The William T. Kemper Award for Excellence in Teaching is awarded each year to two full-time and two part-time faculty members at Webster University who demonstrate teaching at its finest. Nominated and supported by students and colleagues, they are selected by a committee of their peers for their outstanding teaching. College of Arts & Sciences professors Karla Armbruster (Department of English) and Kate Parsons (Department of Philosophy) each received the Kemper Award for 2014-15.
At the Kemper Luncheon on March 20, Armbruster and Parsons offered President Stroble, Dean Wilson, and other members of the Webster community reflections on their role as educators.
“I was moved,” Dean Wilson said afterward, “and deeply proud.”
Our award-winners’ remarks are below.
Karla Armbruster, Professor of English
When I started teaching twenty-seven years ago, like most graduate students in English, I began with freshman composition. Composition is a skills-based class in which students learn by doing, and so my students and I analyzed examples of the types of papers they were supposed to write, workshopped their drafts, and discussed simple, specific strategies such as countering your audience’s potential objections in a persuasive essay. There was really no place for lectures or tests. So when I started teaching literature classes, it made me a little uncomfortable to see students taking notes as I was talking. I had to restrain myself from saying “No, no — You need to figure things out for yourself if you want to really learn anything!” Looking back, I’m more sure than ever that I was right. To the degree that I’ve been successful as a teacher, I owe that success to the ways I’ve found to motivate and enable my students to take responsibility for their own learn
ing — even in courses where I am very much an expert on the content.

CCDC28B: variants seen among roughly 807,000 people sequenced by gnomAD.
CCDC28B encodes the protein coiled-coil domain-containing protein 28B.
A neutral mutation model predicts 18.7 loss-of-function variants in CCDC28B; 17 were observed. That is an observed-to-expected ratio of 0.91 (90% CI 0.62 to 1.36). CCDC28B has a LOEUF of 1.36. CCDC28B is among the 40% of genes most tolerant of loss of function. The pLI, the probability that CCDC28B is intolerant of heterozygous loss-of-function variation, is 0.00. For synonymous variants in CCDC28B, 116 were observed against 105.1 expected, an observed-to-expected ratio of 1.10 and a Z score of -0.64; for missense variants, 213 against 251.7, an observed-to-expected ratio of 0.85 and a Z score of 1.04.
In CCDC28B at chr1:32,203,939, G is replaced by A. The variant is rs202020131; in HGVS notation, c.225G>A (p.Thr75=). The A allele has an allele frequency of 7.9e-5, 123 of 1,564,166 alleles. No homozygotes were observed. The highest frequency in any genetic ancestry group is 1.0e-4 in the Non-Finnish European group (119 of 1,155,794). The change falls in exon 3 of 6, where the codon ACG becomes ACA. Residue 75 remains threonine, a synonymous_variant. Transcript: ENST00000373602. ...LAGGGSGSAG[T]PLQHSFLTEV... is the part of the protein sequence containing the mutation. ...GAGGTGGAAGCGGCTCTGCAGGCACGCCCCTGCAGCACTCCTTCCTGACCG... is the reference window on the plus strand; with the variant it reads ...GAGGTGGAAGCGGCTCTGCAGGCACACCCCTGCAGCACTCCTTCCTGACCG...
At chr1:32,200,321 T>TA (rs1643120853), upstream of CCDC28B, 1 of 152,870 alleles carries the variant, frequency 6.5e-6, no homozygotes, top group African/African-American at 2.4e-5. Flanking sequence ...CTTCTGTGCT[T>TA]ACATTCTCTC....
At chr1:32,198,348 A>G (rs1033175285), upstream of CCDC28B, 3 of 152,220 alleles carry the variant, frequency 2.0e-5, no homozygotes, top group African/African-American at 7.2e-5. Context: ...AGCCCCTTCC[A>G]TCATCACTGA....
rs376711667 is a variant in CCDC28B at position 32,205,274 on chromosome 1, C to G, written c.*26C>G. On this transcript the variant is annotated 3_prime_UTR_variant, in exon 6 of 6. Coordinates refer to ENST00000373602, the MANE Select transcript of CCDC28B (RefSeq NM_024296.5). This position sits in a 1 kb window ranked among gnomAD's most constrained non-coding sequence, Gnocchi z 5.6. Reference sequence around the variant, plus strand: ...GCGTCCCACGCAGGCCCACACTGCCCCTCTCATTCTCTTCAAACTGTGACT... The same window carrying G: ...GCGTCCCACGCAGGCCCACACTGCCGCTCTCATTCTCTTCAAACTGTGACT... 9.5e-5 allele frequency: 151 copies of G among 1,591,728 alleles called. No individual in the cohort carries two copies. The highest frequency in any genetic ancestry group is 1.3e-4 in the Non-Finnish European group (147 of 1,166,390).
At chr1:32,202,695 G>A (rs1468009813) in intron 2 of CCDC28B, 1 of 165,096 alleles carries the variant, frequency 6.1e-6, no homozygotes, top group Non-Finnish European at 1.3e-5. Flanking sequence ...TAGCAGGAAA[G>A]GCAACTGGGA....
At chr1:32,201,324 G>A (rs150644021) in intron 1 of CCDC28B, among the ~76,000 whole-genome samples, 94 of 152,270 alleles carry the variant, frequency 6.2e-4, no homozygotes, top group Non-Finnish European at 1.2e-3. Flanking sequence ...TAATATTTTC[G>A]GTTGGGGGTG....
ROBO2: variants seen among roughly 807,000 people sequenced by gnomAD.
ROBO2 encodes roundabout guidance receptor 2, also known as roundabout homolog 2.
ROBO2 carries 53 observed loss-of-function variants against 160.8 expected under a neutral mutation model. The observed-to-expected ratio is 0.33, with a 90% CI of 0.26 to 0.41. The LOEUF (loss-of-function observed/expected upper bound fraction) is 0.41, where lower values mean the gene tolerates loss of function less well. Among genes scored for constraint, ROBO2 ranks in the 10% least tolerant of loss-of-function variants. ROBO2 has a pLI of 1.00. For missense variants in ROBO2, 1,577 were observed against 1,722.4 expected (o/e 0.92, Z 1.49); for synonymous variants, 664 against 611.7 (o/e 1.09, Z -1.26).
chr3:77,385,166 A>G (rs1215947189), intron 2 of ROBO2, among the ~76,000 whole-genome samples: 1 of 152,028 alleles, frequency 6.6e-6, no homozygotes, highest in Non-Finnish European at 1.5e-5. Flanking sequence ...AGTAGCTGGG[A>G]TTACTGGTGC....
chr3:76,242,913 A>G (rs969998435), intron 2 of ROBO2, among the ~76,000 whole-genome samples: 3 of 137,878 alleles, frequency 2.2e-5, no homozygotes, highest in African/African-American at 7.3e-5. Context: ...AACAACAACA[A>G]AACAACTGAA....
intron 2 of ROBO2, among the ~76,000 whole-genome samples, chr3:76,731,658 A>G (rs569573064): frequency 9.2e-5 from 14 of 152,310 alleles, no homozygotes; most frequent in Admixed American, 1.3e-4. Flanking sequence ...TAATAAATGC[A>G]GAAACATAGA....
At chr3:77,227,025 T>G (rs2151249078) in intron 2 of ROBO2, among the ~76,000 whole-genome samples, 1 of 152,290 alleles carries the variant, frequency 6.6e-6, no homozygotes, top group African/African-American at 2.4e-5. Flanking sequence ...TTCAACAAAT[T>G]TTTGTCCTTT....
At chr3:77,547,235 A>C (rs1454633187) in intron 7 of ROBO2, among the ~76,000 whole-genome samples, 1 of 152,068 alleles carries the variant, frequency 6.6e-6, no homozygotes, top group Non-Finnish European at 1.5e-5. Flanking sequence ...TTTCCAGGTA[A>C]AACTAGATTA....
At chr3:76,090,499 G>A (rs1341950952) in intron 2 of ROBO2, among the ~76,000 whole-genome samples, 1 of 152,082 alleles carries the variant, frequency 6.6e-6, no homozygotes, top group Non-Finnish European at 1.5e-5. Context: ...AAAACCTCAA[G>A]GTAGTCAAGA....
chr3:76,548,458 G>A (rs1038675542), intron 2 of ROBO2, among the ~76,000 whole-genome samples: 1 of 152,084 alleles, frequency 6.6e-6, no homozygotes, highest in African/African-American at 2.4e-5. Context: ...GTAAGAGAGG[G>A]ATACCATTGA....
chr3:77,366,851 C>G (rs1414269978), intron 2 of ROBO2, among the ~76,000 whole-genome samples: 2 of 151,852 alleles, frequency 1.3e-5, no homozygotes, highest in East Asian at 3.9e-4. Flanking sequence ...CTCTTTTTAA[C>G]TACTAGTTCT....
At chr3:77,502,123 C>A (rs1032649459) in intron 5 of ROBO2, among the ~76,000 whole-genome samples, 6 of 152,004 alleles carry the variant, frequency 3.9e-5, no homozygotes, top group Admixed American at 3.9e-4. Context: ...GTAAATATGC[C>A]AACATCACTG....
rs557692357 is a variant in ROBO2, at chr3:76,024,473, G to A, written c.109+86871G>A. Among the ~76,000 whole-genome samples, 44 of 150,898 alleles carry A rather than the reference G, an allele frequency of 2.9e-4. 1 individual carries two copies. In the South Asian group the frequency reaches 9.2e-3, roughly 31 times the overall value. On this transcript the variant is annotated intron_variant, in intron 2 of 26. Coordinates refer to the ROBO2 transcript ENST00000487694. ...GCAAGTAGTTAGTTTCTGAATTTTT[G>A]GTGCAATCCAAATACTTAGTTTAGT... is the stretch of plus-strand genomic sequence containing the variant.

Today, I thought I would share a few of the strategies that have helped me do this.
One thing I learned, long before the era of assessment began, was that it’s crucial to be up-front about your expectations with students. After encountering one too many first-year students accustomed to being told what to think and mistrustful of a teacher who asked them questions instead, I realized that I could eliminate a great deal of potential misunderstanding by spending a day or two at the beginning of class on a discussion of pedagogy and the ideal roles for teachers and students. It turns out that students actually prefer being asked to think for themselves, once they understand that’s an option, and by making this discussion part of the class, we start the semester with the students not only understanding the approach we’ll be taking but actively embracing it.
I also came to see the value of being comfortable with a little chaos. In a true discussion, topics and suggestions come up that you’re not prepared for, and you need to be able to let go of all your careful plans in order to pursue the powerful questions and ideas that will emerge, if you’re lucky. Every few years, I teach Toni Morrison’s masterpiece, Beloved, and when we get to one of the most important chapters, narrated in stream-of-consciousness by three different characters, I always have the class read it out loud by going around the room and having each student read a line. Hearing the beautiful
, poetic language coming from different voices is deeply moving and profoundly different than reading the words silently to oneself, and I owe this idea to a former student who suggested it the first time I taught the class.
I have also learned to balance being realistic about what students will do with granting them some freedom. In my Introduction to Literary Analysis seminar, I discovered the hard way that a lot of beginning English majors won’t use a reading journal regularly, even when required to do so, so I turned the journal prompts into daily homework sheets. On the other hand, I am flexible about electronics in the classroom, simply making clear that they can be used only for class-related tasks, and I find that students often use them to engage with class material, looking things up to contribute to discussions. For example, my American literature students were discussing a poem that uses saxifrage, a flower that splits rocks, as a metaphor for poetry, and I wanted them to visualize the contrast between the delicate flower and the hard, sturdy rock. The word picture I was painting for them ran into trouble, though, when I realized I didn’t know what color saxifrage is. But within seconds, three or four students had photos of the flower on their phones and were showing the rest of the class. It’s white, if you were wondering.